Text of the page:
| Abstract|| |
Background: In adult patients suffering from atopic dermatitis (AD), studies investigating the co-prevalence of AD and food allergy are still scarce, and exact data are not available. Aims and Objectives: To evaluate the occurrence of food allergy to peanuts in significant relation to food hypersensitivity, inhalant allergy and to asthma bronchial and rhinitis. Materials and Methods: Altogether 332 patients of AD 14 year or older were included in the study. The complete dermatological and allergological examinations were performed in all included patients (including examination of specific immunoglobulin E, skin prick test to different food and inhalant allergens, anamnestic data about food reactions, evaluation of allergic rhinitis, and allergic asthma bronchiale). We evaluated whether there was some relation between the food allergy to peanuts and followed parameters. Pairs of these categories were entered in the contingency tables, and the Chi-square test for the relationship of these variables was performed with the level of significance set to 5%. Results: Altogether 332 persons suffering from AD were included in the study of which 120 were male and 212 were female; the average age was 27.2 year. The significant relation between the allergy to peanuts and the occurrence of food hypersensitivity (FH) reactions to tomatoes, kiwi, apples, oranges, carrot and to the sensitization to grass, trees, mites, and the occurrence of rhinitis was found. Conclusion: The significant relation between the allergy to peanuts and the occurrence of FH reactions and the sensitization to inhalant allergens and rhinitis was found. The future studies may show if the decrease in food allergy to peanuts can lead to the decrease of the occurrence of other FH reactions and sensitization to inhalant allergens and rhinitis in AD patients.
Keywords: Allergic rhinitis, allergy to peanuts, asthma bronchiale, atopic dermatitis, food hypersensitivity reaction, inhalant allergy
|How to cite this article:|
Celakovska J, Bukač J, Ettler K, Vaneckova J, Ettlerova K. Allergy to peanuts in atopic dermatitis patients 14 year or older and the association with food hypersensitivity, inhalant allergens, asthma bronchiale and rhinitis. Indian J Dermatol 2018;63:317-22
|How to cite this URL:|
Celakovska J, Bukač J, Ettler K, Vaneckova J, Ettlerova K. Allergy to peanuts in atopic dermatitis patients 14 year or older and the association with food hypersensitivity, inhalant allergens, asthma bronchiale and rhinitis. Indian J Dermatol [serial online] 2018 [cited 2021 May 12];63:317-22. Available from: https://www.e-ijd.org/text.asp?2018/63/4/317/236230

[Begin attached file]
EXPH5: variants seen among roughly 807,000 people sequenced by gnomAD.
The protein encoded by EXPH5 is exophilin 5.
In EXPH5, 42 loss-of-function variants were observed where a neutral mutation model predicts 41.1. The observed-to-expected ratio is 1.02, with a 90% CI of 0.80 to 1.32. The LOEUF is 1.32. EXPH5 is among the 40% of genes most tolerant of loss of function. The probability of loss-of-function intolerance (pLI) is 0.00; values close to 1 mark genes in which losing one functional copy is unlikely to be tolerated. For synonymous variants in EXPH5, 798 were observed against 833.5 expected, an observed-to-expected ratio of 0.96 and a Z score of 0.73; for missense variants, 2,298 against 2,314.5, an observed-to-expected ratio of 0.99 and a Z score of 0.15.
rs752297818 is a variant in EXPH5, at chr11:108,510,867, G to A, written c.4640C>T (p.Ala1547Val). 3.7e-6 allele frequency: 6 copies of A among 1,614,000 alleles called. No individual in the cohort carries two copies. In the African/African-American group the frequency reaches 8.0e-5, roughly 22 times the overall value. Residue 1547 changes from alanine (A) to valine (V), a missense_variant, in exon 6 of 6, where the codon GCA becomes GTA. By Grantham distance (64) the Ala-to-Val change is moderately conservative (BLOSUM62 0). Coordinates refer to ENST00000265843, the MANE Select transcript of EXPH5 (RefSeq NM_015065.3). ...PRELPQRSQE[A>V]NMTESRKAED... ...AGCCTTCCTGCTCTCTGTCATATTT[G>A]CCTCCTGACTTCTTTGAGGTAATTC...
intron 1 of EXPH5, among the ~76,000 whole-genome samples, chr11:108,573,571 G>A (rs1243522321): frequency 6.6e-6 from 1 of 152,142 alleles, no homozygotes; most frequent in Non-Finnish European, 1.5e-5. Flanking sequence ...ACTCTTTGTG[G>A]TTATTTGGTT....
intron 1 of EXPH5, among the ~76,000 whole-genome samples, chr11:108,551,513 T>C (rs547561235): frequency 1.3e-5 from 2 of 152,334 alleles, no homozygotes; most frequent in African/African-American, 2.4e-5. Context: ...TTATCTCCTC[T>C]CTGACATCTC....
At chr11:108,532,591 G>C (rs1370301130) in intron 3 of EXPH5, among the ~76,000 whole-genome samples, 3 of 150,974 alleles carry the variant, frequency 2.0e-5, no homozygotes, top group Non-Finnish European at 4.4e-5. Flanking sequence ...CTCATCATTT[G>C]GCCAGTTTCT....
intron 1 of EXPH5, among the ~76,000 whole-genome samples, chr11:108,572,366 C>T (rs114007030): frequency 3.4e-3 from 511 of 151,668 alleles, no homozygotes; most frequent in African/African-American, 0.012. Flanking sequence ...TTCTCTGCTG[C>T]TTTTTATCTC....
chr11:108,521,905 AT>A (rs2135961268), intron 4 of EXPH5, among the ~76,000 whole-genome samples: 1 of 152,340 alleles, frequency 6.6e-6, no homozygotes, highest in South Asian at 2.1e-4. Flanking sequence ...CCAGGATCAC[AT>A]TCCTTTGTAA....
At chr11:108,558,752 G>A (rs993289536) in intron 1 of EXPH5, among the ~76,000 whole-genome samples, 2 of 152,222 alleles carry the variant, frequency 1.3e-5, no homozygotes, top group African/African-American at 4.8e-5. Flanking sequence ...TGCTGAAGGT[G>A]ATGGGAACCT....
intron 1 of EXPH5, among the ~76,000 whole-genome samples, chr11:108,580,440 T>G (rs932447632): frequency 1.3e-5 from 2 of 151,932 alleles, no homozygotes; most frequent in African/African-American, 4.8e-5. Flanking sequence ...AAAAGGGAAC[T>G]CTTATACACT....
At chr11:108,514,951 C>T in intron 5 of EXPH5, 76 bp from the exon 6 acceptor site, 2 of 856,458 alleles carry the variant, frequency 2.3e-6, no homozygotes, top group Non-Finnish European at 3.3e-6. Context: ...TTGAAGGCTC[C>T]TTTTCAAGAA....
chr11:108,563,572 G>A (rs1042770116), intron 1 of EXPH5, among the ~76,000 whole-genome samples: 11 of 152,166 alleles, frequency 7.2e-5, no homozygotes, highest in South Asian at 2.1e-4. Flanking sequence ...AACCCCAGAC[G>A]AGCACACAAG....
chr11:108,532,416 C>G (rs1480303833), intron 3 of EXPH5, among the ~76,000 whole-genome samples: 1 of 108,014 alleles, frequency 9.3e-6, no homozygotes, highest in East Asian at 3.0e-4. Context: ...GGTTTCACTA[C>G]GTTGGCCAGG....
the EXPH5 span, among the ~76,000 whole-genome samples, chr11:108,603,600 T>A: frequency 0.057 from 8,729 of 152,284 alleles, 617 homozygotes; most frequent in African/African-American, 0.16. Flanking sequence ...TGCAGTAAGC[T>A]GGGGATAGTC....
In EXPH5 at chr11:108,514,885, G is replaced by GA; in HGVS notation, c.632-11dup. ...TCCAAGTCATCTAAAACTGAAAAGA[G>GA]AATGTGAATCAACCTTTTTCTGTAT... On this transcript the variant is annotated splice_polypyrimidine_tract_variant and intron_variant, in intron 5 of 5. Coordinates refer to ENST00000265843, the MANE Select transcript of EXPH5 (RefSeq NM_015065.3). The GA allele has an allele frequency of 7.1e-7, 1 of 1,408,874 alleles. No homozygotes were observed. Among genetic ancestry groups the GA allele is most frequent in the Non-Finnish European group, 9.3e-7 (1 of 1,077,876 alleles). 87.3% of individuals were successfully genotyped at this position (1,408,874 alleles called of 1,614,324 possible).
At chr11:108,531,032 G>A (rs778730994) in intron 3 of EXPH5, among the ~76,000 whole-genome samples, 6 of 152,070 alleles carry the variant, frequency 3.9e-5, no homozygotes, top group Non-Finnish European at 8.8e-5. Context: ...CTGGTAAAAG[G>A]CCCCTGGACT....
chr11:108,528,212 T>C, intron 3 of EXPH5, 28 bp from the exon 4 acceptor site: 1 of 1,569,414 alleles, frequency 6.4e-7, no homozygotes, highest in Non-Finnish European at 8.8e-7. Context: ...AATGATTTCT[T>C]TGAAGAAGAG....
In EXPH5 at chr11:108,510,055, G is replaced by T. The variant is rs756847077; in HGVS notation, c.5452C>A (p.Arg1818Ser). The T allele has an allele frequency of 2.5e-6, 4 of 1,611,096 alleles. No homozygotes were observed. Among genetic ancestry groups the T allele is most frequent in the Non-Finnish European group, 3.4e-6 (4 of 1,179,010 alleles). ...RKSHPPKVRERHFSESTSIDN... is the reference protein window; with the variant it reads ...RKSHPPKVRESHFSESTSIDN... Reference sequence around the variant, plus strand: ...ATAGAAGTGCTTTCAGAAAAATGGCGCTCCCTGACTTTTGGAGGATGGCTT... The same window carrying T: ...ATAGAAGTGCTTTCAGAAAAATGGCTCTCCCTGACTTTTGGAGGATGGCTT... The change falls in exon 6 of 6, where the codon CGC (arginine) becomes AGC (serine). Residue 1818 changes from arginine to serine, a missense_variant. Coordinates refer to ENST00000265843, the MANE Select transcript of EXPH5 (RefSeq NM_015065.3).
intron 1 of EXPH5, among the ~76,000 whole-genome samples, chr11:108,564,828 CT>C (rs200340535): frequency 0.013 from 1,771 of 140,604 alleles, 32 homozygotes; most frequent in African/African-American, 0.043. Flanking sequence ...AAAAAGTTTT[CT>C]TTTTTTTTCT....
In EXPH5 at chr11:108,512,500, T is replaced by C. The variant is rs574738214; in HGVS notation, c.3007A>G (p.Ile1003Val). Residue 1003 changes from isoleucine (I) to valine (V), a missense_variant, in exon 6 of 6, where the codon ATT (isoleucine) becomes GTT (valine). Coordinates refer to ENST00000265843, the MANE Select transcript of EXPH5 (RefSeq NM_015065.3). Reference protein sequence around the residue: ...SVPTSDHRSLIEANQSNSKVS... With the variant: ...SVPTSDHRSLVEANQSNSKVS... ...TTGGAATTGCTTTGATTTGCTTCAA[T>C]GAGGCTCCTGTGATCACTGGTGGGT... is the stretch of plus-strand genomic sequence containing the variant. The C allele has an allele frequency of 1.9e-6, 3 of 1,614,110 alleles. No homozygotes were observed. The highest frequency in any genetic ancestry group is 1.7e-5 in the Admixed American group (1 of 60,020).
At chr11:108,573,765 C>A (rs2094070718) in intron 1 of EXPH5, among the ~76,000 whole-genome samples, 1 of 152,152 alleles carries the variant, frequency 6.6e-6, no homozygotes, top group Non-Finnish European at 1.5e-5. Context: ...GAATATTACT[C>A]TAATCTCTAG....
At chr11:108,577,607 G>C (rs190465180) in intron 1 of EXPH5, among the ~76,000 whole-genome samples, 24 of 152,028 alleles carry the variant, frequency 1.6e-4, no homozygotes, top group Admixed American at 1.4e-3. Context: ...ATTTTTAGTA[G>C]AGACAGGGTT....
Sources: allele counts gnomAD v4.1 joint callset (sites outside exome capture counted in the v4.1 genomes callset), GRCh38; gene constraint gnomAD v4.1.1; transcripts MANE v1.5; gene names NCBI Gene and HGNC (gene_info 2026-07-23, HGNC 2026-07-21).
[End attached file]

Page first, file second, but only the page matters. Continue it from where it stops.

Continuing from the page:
What was known?
Allergy to different foods, inhalants was common in atopic individuals; it was not known whether there was any relation to one another.
| Introduction|| |
In adult patients suffering from atopic dermatitis (AD), studies investigating the co-prevalence of AD and food allergy are still scarce and exact data are not available.,,
In this study we evaluate the occurrence of food allergy to peanuts in AD patients older than 14 years of age and the relation of this allergy to the occurrence of asthma bronchiale, rhinitis, the occurrence of food hypersensitivity reactions (FH reactions), and sensitization to inhalant allergens. AD usually starts in infancy and affects two of ten children and it is also highly prevalent in adults. It was originally regarded as a childhood disorder mediated by an imbalance toward a T-helper-2 response and exaggerated immunoglobulin E (IgE) responses to allergens, it is now recognized as a lifelong disposition with variable clinical manifestations and expressivity in which defects of the epidermal barrier are central. The progression of atopic disorders from AD in infants to allergic rhinitis and asthma in children is usually described as atopic march., AD increases the risk of food allergy, asthma, allergic rhinitis, other immune-mediated inflammatory diseases, and mental health disorders. Many studies reveal the prevalence of allergic diseases; however, most studies analyzed a limited period from infancy to later childhood and/or to early adolescence. Limited data are available on the frequency of IgE-mediated food sensitization and food allergy in adults with AD.,,
Recent data indicate that peanut allergy is on the rise.,,, Peanuts are the seeds of the peanut plant (Arachis hypogaea), a member of the legume family (Fabaceae). The peanut is botanically related to peas and beans but not to tree nuts. Peanuts are very rich in nutrients and are one of the basic crops of India, China, the USA, and West Africa. Peanuts contain 44%–56% of oil and 22%–30% of protein. All known peanut allergen classes were determined to consist of 85% of the total protein content of peanut, while Ara h 1, Ara h 2, and Ara h 3 together accounted for 75%. Peanut allergy has been well described and widely reported with population prevalence estimates between 1% and 6%.,,,, The latest findings showed that early sustained consumption of peanut products was associated with a substantial and significant decrease in the development of peanut allergy in high-risk infants. Conversely, peanut avoidance was associated with a greater frequency of clinical peanut allergy than peanut consumption was. It raises questions about the usefulness of deliberate avoidance of peanuts as a strategy to prevent allergy.